This is another excellent museum which is a must-visit during your time in Nottinghamshire. Based in Nottingham's historic Lace Market, the National Justice Museum is home to an original Victoria courtrooms, a Georgian gaol, and prison cells dating from hundreds of years ago. If that wasn't enough, the costumed staff here are really enthusiastic and add to the immersive experience. The re-enactments of court cases are very fun!
All of this fascinating history is housed within the Grade II* listed Shire Hall, which in itself is a beautiful building to explore. Learn more here -

City of Caves

We can't talk about things to do in Nottinghamshire without talking about the amazing City of Caves. This is the largest network of caves in the UK, and many people don't realise that there are more than 800 caves beneath the streets of Nottingham. It can get a little bit claustrophobic as you wander around this network of caves, so if you freak out in situations like that then we'd give this a skip. But if you want a memorable experience during your time in Nottinghamshire, the City of Caves is a must-visit location. The entrance to the City of Caves is currently at the bottom of the Garner’s Hill Steps next to Nottingham Contemporary, and you can buy a joint ticket for the caves and the National Justice Museum. Learn more here -

Erewash Nature Reserve

If you're a fan of bird-watching and enjoy walks in nature, then the Erewash Nature Reserve is a fantastic place to visit. Forming part of the largest area of floodplain grasslands and wetlands in the Erewash Valley, the unique mix of land here makes it an ideal habitat for rare and beautiful wildlife. Animals like water voles, grass snakes and dragonflies can all be spotted here, and it's also a hotspot for birds like Lapwings and Snipes. Learn more here -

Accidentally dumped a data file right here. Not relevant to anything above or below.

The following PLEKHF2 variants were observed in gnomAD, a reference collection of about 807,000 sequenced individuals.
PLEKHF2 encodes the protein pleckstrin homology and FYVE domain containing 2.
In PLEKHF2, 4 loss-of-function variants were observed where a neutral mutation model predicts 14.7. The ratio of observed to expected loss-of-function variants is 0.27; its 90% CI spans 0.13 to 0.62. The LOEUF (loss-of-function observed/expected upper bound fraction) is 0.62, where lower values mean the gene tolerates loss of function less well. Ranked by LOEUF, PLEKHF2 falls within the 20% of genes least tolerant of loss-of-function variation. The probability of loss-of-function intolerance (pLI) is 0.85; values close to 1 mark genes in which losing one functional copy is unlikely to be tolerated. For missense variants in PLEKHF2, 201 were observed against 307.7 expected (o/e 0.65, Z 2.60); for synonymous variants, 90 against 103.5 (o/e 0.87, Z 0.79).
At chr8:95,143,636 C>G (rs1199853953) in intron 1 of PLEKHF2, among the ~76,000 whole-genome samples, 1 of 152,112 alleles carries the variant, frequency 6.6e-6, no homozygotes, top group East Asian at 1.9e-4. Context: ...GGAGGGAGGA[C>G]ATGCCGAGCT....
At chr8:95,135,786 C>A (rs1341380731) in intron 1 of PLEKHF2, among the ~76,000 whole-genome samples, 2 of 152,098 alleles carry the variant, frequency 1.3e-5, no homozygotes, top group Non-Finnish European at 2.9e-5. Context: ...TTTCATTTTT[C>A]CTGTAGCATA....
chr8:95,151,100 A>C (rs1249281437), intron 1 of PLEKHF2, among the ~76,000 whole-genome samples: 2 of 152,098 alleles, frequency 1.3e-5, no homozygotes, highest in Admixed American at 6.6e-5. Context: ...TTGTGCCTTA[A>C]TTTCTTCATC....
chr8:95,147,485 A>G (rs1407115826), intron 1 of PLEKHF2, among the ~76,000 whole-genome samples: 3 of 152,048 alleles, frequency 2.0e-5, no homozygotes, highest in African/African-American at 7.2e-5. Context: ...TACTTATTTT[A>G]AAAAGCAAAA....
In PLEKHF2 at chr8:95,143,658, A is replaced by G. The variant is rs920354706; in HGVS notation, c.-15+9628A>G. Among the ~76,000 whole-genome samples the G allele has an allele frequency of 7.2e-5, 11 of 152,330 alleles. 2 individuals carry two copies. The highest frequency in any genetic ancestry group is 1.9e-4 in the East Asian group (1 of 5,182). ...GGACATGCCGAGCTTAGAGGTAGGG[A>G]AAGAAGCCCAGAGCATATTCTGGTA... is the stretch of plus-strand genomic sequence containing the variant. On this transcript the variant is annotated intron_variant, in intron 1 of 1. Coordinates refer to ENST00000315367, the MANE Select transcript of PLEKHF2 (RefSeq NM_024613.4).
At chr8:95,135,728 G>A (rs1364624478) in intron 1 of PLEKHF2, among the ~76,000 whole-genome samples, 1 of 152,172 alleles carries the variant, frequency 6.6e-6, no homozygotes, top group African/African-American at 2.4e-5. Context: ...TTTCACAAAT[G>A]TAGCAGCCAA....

What should you be aware of before visiting Nottinghamshire?

As you can see from the above list, there is quite a bit to see & do during your time in Nottinghamshire, and unless you're spending a couple of weeks in the area you might struggle to fit it all in! Our advice would be to plan your visit to try and see as many of the above attractions as possible, and also look for joint tickets you can buy to save money (for example, the City of the Caves and National Justice Museum joint ticket). If you're planning to visit all of the historical attractions owned by English Heritage, you could pay for an English Heritage membership to receive a hefty discount.

Where can you stay in Nottinghamshire?

You've got plenty of accommodation options in Nottinghamshire, both within the city of Nottingham and within the surrounding towns and villages. A good place to start your search is sites like, Tripadvisor, and Trivago. The top-rated hotel in Nottinghamshire is Thoresby Hall, which is an impressive Victoria country house in Newark which has been converted into a very special 4-star hotel. Eastwood Hall is also a highly-rated option, a luxury spa hotel in Nottingham. If you're looking for something a little less expensive, there are a number of excellent AirBNBs you can choose from in Nottinghamshire.
Hopefully, this guide has inspired you to visit this great area of England. We have guides about lots of other areas in England such as Sussex, Teesdale, the English Riviera, and Yorkshire.

Finn is the editor of You Well and has been writing about travel, health, and more for over 10 years.